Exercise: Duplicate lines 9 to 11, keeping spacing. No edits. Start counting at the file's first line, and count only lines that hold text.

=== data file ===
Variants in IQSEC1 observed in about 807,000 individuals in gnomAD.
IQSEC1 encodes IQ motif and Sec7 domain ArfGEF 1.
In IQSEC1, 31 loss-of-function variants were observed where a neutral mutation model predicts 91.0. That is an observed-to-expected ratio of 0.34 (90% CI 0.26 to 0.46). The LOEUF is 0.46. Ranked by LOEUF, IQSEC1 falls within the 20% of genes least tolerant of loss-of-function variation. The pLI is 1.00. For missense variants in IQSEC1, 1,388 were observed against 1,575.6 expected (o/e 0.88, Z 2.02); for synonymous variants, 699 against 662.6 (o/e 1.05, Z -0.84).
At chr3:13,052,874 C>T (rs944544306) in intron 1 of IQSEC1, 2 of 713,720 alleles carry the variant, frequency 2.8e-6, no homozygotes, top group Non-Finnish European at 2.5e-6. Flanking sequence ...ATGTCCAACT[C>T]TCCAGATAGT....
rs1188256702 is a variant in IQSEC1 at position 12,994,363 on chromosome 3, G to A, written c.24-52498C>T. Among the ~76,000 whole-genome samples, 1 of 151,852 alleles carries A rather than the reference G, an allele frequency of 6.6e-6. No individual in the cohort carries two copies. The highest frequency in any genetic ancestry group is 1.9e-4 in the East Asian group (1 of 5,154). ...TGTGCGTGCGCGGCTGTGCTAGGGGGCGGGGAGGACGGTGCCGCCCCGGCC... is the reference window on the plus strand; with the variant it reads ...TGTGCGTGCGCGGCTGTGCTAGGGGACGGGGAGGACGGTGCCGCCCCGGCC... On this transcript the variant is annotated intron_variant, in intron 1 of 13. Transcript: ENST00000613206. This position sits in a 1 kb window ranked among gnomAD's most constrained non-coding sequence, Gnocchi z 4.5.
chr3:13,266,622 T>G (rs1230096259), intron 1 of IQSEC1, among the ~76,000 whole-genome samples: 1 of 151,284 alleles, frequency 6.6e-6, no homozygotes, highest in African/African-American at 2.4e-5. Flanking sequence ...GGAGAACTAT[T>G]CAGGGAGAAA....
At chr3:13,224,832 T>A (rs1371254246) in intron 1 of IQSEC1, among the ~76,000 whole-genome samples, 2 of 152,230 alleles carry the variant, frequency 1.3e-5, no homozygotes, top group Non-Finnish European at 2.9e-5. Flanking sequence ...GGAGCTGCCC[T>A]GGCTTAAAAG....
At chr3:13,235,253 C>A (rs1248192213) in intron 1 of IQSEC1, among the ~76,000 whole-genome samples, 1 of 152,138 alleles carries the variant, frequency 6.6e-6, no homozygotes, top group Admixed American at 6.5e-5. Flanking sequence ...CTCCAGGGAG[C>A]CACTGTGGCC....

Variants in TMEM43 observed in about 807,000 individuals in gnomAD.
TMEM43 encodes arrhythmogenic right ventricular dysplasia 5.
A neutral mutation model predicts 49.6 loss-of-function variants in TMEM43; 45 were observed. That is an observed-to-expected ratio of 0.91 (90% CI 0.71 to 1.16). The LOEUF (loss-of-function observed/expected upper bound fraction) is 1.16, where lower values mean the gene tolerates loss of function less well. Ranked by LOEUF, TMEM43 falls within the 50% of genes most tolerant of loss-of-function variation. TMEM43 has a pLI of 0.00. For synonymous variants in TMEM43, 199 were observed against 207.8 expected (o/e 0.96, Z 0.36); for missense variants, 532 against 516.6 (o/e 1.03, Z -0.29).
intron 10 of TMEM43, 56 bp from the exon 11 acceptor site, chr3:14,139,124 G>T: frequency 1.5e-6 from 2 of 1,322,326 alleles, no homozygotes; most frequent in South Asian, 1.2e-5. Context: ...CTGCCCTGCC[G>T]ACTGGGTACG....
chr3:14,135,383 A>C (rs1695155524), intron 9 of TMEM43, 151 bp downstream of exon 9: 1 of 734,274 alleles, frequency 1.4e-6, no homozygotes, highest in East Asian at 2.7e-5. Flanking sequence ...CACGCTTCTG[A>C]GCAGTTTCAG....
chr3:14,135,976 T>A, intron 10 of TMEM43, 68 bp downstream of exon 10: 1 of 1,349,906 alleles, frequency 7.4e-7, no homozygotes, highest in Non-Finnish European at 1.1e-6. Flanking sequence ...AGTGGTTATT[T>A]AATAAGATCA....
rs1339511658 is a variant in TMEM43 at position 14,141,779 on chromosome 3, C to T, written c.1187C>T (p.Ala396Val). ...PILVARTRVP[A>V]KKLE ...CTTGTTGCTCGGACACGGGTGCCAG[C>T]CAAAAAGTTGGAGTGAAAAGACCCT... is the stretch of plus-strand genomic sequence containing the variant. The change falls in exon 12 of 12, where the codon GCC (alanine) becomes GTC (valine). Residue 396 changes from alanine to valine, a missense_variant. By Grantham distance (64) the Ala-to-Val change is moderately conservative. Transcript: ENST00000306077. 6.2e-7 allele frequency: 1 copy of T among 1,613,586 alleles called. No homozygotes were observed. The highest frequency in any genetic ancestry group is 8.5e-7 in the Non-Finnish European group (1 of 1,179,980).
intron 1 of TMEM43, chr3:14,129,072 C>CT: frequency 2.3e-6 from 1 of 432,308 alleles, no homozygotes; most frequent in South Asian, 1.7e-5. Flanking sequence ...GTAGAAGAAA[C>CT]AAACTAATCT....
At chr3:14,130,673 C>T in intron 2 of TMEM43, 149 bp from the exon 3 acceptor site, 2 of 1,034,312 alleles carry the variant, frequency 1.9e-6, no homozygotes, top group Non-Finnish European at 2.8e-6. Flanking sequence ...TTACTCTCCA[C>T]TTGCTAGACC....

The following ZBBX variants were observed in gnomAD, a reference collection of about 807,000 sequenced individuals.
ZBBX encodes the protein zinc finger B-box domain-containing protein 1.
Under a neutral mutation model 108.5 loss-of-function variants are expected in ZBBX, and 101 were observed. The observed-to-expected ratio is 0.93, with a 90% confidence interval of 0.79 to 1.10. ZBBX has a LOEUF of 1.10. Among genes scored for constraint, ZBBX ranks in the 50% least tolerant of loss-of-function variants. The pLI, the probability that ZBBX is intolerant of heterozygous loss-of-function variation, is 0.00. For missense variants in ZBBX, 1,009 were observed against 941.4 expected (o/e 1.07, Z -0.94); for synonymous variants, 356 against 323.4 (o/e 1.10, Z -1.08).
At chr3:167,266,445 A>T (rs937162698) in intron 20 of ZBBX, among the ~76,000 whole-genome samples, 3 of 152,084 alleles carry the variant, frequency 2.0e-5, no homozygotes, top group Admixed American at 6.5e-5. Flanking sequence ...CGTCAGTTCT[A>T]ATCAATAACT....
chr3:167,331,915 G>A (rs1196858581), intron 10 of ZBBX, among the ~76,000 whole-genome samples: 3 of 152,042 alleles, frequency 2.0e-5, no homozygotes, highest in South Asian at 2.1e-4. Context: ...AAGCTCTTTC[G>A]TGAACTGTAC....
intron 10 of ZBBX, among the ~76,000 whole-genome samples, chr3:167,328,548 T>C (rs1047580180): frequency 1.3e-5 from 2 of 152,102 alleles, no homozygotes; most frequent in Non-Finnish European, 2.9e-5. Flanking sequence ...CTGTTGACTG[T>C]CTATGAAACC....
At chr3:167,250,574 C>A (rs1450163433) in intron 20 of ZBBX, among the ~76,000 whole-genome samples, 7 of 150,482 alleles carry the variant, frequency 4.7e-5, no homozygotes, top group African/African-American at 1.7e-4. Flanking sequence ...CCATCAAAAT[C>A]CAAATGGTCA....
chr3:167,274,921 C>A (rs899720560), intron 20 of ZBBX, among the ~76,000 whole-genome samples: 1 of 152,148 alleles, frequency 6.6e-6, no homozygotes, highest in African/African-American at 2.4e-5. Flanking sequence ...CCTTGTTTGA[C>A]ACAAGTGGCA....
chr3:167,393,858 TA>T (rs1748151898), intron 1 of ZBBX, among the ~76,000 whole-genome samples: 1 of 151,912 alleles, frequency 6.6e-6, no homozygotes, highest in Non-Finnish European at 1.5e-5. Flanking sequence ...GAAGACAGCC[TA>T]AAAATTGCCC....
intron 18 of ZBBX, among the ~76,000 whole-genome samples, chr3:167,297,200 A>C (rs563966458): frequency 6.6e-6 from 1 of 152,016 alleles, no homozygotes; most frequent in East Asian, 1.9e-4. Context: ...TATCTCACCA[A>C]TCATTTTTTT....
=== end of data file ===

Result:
Variants in TMEM43 observed in about 807,000 individuals in gnomAD.
TMEM43 encodes arrhythmogenic right ventricular dysplasia 5.
A neutral mutation model predicts 49.6 loss-of-function variants in TMEM43; 45 were observed. That is an observed-to-expected ratio of 0.91 (90% CI 0.71 to 1.16). The LOEUF (loss-of-function observed/expected upper bound fraction) is 1.16, where lower values mean the gene tolerates loss of function less well. Ranked by LOEUF, TMEM43 falls within the 50% of genes most tolerant of loss-of-function variation. TMEM43 has a pLI of 0.00. For synonymous variants in TMEM43, 199 were observed against 207.8 expected (o/e 0.96, Z 0.36); for missense variants, 532 against 516.6 (o/e 1.03, Z -0.29).